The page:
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As new types of devices become available in the market, enterprises or other users of these devices are continually integrating these new devices into workflows. Typically, different devices offer different capabilities, and these devices may expose their capabilities using different mechanisms. Thus, those who wish to use these devices in workflows may face the prospect of discovering and using a variety of different techniques to extract the capabilities of different devices. Further, where a given device offers multiple functions, this single device may expose the capabilities of these different functions using different mechanisms. For example, the device may provide one application program interface (API) for querying for scan-related functions, and another API for querying. for print-related functions.
Additionally, once the capabilities of the devices have been extracted, the integration of these capabilities into workflows remains an issue. More specifically, applications may use conventional techniques to specify settings for multiple devices in a given workflow. Under these conventional techniques, the applications may face the burden of interacting with each device on a piecemeal basis to specify the settings for whatever functions that the device is performing in the workflow.
Systems, methods, and/or techniques (“tools”) for specifying and managing consolidated ticket packages in workflows are provided. In some aspects, the tools may request and receive indications of capabilities of devices that may participate in a workflow, and may generate ticket packages based on the device capabilities, with the ticket packages being consolidated across the workflow. In other aspects, the tools may provide the device capabilities upon request, and may receive job requests that include the ticket packages. In still other aspects, the tools may present a user interface that includes representations of one or more workflows, may receive from a user a selection of one of the workflows, and may present information from a ticket package related to the selected workflow.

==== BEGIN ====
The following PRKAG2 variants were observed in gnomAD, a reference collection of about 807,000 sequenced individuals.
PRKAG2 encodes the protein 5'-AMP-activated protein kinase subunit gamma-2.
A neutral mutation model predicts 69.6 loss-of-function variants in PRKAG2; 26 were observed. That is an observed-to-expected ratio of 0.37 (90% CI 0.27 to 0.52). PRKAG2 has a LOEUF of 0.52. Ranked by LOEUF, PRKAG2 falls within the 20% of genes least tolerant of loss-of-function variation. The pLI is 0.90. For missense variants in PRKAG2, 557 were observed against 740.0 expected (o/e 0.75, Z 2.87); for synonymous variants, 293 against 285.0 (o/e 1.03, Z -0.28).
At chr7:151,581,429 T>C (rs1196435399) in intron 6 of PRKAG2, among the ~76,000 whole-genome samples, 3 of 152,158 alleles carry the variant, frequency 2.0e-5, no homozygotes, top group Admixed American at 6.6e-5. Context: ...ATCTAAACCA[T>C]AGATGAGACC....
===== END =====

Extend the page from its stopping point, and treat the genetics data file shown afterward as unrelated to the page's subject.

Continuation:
This Summary is provided to introduce a selection of concepts in a simplified form that are further described below in the Detailed Description. This Summary is not intended to identify key or essential features of the claimed subject matter, nor is it intended to be used as an aid in determining the scope of the claimed subject matter. The term “tools,” for instance, may refer to system(s), method(s), computer-readable instructions, and/or technique(s) as permitted by the context above and throughout the document.
Tools related to specifying and managing consolidated ticket packages in workflows are described in connection with the following drawing figures. The same numbers are used throughout the disclosure and figures to reference like components and features. The first digit in a reference number indicates the drawing figure in which that reference number is introduced.
FIG. 1 is a combined block and flow diagram of operating environments for specifying and managing consolidated ticket packages in workflows.
FIG. 2 is a combined block and flow diagram related to ticket packages and document containers described as part of the tools for specifying and managing consolidated ticket packages in workflows.
FIG. 3 is a combined block and flow diagram illustrating additional aspects of the document containers.
FIG. 4 is a combined block and flow diagram of a management application that may access the document containers.
FIG. 5 is a flow diagram of processes for obtaining device capabilities and for submitting jobs into workflows.
FIG. 6 is a flow diagram of processes for providing device capabilities and for processing job requests.
FIG. 7 is a flow diagram of processes for accessing information related to given jobs passing through the workflows.
The following document describes tools capable of performing and/or supporting many techniques and processes. The following discussion describes exemplary ways in which the tools provide for specification and management of consolidated ticket packages in workflows. This discussion also describes other techniques and/or processes that the tools may perform.